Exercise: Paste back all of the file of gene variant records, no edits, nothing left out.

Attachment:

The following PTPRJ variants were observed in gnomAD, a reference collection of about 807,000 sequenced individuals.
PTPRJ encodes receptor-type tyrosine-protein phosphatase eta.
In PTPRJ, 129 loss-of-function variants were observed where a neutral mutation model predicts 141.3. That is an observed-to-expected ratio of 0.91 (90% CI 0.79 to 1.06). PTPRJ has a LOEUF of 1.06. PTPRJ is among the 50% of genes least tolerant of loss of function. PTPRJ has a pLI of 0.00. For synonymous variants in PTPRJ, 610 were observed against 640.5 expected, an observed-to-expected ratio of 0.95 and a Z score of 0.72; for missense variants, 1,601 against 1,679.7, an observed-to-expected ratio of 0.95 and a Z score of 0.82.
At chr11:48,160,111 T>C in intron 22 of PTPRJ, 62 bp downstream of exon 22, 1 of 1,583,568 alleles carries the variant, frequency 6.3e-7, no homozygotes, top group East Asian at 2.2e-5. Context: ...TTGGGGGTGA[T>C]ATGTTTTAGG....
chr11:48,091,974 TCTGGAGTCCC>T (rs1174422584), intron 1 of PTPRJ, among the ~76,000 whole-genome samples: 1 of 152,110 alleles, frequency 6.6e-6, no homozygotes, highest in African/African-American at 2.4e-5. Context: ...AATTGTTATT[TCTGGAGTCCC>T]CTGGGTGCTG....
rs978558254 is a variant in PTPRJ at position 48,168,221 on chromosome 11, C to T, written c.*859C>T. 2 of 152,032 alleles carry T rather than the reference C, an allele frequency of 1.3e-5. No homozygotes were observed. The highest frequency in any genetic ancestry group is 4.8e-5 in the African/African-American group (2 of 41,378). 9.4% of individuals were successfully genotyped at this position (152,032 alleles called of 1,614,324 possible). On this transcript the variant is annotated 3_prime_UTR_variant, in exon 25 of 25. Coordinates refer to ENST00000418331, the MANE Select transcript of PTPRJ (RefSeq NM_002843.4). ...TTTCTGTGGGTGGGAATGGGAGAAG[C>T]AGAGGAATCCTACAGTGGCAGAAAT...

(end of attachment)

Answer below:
The following PTPRJ variants were observed in gnomAD, a reference collection of about 807,000 sequenced individuals.
PTPRJ encodes receptor-type tyrosine-protein phosphatase eta.
In PTPRJ, 129 loss-of-function variants were observed where a neutral mutation model predicts 141.3. That is an observed-to-expected ratio of 0.91 (90% CI 0.79 to 1.06). PTPRJ has a LOEUF of 1.06. PTPRJ is among the 50% of genes least tolerant of loss of function. PTPRJ has a pLI of 0.00. For synonymous variants in PTPRJ, 610 were observed against 640.5 expected, an observed-to-expected ratio of 0.95 and a Z score of 0.72; for missense variants, 1,601 against 1,679.7, an observed-to-expected ratio of 0.95 and a Z score of 0.82.
At chr11:48,160,111 T>C in intron 22 of PTPRJ, 62 bp downstream of exon 22, 1 of 1,583,568 alleles carries the variant, frequency 6.3e-7, no homozygotes, top group East Asian at 2.2e-5. Context: ...TTGGGGGTGA[T>C]ATGTTTTAGG....
chr11:48,091,974 TCTGGAGTCCC>T (rs1174422584), intron 1 of PTPRJ, among the ~76,000 whole-genome samples: 1 of 152,110 alleles, frequency 6.6e-6, no homozygotes, highest in African/African-American at 2.4e-5. Context: ...AATTGTTATT[TCTGGAGTCCC>T]CTGGGTGCTG....
rs978558254 is a variant in PTPRJ at position 48,168,221 on chromosome 11, C to T, written c.*859C>T. 2 of 152,032 alleles carry T rather than the reference C, an allele frequency of 1.3e-5. No homozygotes were observed. The highest frequency in any genetic ancestry group is 4.8e-5 in the African/African-American group (2 of 41,378). 9.4% of individuals were successfully genotyped at this position (152,032 alleles called of 1,614,324 possible). On this transcript the variant is annotated 3_prime_UTR_variant, in exon 25 of 25. Coordinates refer to ENST00000418331, the MANE Select transcript of PTPRJ (RefSeq NM_002843.4). ...TTTCTGTGGGTGGGAATGGGAGAAG[C>T]AGAGGAATCCTACAGTGGCAGAAAT...